7. Li, Aijun & Zhang, Aizhen & Cai, Hongbo & Li, Xingfeng & Peng, Shishen, 2013. "How large are the impacts of carbon-motivated border tax adjustments on China and how to mitigate them?," Energy Policy, Elsevier, vol. 63(C), pages 927-934.
    8. ZhongXiang Zhang, 2013. "Energy and Environmental Issues and Policy in China," Working Papers 2013.92, Fondazione Eni Enrico Mattei.
    9. ZhongXiang Zhang, 2010. "The U.S. proposed carbon tariffs, WTO scrutiny and China’s responses," International Economics and Economic Policy, Springer, vol. 7(2), pages 203-225, August.
    10. Claudia Schatan & Liliana Castilleja, 2007. "The maquiladora electronics industry on Mexico’s northern border and the environment," International Environmental Agreements: Politics, Law and Economics, Springer, vol. 7(2), pages 109-135, June.
    11. Mathews, John, 2007. "Seven steps to curb global warming," Energy Policy, Elsevier, vol. 35(8), pages 4247-4259, August.
    12. Low, Patrick & Marceau, Gabrielle & Reinaud, Julia, 2011. "The interface between the trade and climate change regimes: Scoping the issues," WTO Staff Working Papers ERSD-2011-01, World Trade Organization (WTO), Economic Research and Statistics Division.
    13. repec:jes:wpaper:y:2012:v:4:p:256-273 is not listed on IDEAS
    14. Margareta Timbur, 2012. "Multilateral Environmental Agreements And The Trade Measures Contained In These Agreements," CES Working Papers, Centre for European Studies, Alexandru Ioan Cuza University, vol. 4(2), pages 256-273, June.
    15. Zhang, ZhongXiang, 2009. "Encouraging developing country involvement in a post-2012 climate change regime: carrots, sticks or both?," MPRA Paper 13174, University Library of Munich, Germany.
    16. Zhang, ZhongXiang, 2008. "Asian energy and environmental policy: Promoting growth while preserving the environment," Energy Policy, Elsevier, vol. 36(10), pages 3905-3924, October.
    17. Bao, Qin & Tang, Ling & Zhang, ZhongXiang & Wang, Shouyang, 2013. "Impacts of border carbon adjustments on China's sectoral emissions: Simulations with a dynamic computable general equilibrium model," China Economic Review, Elsevier, pages 77-94.
    18. Mehdi Abbas, 2007. "Taxe CO2 aux frontières, régime commercial multilatéral et lutte contre le changement climatique," Post-Print halshs-00168960, HAL.
    19. World Bank, 2007. "International trade and Climate Change : Economic, Legal, and Institutional Perspectives," World Bank Publications, The World Bank, number 6831.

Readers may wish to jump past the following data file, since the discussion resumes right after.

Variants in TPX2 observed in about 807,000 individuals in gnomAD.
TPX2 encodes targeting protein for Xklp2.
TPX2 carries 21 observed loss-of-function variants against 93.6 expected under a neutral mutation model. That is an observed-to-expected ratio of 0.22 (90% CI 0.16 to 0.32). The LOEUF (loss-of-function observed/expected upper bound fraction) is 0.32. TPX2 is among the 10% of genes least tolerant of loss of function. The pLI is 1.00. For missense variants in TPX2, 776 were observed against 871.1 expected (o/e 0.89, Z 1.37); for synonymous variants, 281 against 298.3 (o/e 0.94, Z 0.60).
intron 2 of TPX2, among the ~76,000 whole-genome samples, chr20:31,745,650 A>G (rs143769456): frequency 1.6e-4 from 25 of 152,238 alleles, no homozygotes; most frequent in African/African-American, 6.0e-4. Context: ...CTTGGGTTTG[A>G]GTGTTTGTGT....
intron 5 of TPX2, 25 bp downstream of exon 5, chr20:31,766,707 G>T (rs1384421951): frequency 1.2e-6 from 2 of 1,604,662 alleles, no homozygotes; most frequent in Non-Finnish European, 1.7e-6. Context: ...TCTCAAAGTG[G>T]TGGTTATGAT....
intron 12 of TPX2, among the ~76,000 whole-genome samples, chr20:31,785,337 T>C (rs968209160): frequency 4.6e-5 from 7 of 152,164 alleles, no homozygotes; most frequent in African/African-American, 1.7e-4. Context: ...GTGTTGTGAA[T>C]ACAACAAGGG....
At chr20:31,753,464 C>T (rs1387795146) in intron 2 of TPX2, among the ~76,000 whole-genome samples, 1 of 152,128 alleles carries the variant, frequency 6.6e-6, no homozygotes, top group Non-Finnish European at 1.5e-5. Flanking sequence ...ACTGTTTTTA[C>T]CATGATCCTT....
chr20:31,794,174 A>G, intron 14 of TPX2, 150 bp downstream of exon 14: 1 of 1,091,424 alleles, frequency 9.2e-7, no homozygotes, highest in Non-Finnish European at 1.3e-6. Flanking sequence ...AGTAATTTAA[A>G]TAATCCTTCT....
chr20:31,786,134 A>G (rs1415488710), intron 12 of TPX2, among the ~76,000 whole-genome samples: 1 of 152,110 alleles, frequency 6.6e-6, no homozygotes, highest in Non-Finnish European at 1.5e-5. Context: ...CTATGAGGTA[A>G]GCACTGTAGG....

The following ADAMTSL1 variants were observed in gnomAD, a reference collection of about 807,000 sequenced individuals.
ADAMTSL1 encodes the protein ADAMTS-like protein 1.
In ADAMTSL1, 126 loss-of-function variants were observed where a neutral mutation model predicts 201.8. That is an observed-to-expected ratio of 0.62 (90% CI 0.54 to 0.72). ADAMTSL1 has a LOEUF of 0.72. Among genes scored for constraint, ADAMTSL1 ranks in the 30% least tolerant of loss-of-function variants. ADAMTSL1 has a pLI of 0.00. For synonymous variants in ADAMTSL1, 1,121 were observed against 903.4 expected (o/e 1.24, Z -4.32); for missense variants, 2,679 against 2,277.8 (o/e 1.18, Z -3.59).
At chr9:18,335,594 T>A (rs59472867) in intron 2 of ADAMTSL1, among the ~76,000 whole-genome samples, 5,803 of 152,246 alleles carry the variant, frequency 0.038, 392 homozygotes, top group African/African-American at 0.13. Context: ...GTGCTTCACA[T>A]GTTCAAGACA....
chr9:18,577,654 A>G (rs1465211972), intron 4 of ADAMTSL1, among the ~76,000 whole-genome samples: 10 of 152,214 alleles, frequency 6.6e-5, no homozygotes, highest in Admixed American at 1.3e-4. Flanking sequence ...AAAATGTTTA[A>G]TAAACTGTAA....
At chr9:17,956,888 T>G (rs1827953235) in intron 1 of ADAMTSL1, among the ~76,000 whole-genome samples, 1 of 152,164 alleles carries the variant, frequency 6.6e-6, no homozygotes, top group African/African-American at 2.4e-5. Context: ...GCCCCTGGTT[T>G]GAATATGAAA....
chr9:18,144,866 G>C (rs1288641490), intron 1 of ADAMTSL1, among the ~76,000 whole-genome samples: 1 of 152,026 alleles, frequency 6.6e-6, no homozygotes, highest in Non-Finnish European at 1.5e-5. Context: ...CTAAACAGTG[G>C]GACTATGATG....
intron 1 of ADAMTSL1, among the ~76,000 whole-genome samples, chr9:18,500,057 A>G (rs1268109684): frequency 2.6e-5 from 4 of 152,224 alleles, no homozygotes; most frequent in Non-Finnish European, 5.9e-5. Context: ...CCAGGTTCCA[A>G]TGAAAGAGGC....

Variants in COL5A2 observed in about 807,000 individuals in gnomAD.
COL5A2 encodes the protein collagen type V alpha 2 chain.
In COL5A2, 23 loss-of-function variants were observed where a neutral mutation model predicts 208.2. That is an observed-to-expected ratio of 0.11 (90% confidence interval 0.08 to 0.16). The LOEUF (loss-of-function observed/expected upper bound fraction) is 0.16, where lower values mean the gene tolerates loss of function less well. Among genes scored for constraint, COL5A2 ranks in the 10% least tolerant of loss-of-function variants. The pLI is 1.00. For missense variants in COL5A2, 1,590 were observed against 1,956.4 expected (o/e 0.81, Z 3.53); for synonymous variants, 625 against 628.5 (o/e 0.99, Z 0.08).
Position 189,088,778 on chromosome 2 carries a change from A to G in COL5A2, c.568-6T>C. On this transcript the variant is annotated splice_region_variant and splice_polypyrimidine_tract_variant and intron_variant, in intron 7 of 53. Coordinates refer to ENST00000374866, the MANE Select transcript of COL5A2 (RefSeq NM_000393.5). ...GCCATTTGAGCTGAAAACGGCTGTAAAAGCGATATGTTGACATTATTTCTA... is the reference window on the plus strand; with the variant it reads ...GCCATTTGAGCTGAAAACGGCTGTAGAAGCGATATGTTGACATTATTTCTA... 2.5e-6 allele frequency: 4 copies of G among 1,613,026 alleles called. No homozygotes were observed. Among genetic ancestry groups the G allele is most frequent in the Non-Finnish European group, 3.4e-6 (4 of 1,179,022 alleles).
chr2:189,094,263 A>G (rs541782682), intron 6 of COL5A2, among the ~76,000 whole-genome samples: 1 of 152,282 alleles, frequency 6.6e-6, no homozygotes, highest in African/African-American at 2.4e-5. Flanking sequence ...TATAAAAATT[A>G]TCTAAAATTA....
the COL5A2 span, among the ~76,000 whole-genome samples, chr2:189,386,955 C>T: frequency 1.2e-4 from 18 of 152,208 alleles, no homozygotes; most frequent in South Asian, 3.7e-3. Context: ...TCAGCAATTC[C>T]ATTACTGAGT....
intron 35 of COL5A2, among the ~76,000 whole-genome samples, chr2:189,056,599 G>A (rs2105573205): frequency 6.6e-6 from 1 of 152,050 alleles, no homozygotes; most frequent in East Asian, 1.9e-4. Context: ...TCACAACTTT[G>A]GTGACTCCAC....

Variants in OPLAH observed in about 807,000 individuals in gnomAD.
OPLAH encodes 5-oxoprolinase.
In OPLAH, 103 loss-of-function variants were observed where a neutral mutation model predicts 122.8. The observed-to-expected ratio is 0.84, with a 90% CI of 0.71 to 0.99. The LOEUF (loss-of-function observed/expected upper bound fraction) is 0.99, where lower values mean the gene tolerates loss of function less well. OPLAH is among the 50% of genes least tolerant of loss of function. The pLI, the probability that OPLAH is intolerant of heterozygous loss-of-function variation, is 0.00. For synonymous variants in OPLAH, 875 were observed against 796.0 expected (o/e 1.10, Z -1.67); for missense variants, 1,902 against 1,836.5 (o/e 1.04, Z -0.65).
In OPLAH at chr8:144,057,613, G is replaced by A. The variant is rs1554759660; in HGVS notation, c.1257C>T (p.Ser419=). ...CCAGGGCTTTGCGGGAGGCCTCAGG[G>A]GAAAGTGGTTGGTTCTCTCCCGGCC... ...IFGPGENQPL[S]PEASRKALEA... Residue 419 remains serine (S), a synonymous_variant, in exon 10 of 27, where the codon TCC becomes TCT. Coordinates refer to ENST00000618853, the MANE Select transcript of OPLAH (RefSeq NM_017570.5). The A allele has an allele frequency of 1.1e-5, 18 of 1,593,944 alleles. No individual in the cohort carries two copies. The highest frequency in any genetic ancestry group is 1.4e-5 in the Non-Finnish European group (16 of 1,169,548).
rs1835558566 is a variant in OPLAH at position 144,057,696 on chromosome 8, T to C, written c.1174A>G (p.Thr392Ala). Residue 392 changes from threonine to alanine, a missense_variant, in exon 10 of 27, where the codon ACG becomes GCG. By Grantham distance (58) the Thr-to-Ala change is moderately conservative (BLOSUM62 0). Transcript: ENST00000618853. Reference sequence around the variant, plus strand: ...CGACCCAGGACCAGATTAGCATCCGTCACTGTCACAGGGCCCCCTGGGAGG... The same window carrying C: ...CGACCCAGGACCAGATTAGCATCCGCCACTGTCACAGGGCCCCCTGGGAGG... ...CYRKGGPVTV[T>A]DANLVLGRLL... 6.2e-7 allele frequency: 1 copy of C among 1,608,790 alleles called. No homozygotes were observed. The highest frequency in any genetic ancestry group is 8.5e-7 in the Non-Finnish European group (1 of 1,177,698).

20. ZhongXiang Zhang, 2012. "Institutional and policy frameworks for sustainable infrastructure," Chapters,in: Infrastructure for Asian Connectivity, chapter 8, pages 254-300 Edward Elgar Publishing.
    21. Bao, Qin & Tang, Ling & Zhang, ZhingXiang & Qiao, Han & Wang, Shouyang, 2012. "Impact of Border Carbon Adjustments on China’s Sectoral Emissions: Simulations with a Dynamic Computable General Equilibirum Model," Working Papers 249391, Australian National University, Centre for Climate Economics & Policy.
    22. van Asselt, Harro & Biermann, Frank, 2007. "European emissions trading and the international competitiveness of energy-intensive industries: a legal and political evaluation of possible supporting measures," Energy Policy, Elsevier, vol. 35(1), pages 497-506, January.
    23. Kemfert, Claudia & Zhang, ZhongXiang, 2003. "Linking developing country's cooperation on climate control with industrialized country's R&D and technology transfer," MPRA Paper 41473, University Library of Munich, Germany.

    More about this item

    Keywords

    Carbon taxes; energy taxes; subsidies; energy efficiency standards; eco-labels; government procurement; WTO; climate change;

    JEL classification:

    • K32 - Law and Economics - - Other Substantive Areas of Law - - - Energy, Environmental, Health, and Safety Law
    • F18 - International Economics - - Trade - - - Trade and Environment
    • K33 - Law and Economics - - Other Substantive Areas of Law - - - International Law
    • Q52 - Agricultural and Natural Resource Economics; Environmental and Ecological Economics - - Environmental Economics - - - Pollution Control Adoption and Costs; Distributional Effects; Employment Effects
    • Q48 - Agricultural and Natural Resource Economics; Environmental and Ecological Economics - - Energy - - - Government Policy
    • Q54 - Agricultural and Natural Resource Economics; Environmental and Ecological Economics - - Environmental Economics - - - Climate; Natural Disasters and their Management; Global Warming
    • Q58 - Agricultural and Natural Resource Economics; Environmental and Ecological Economics - - Environmental Economics - - - Environmental Economics: Government Policy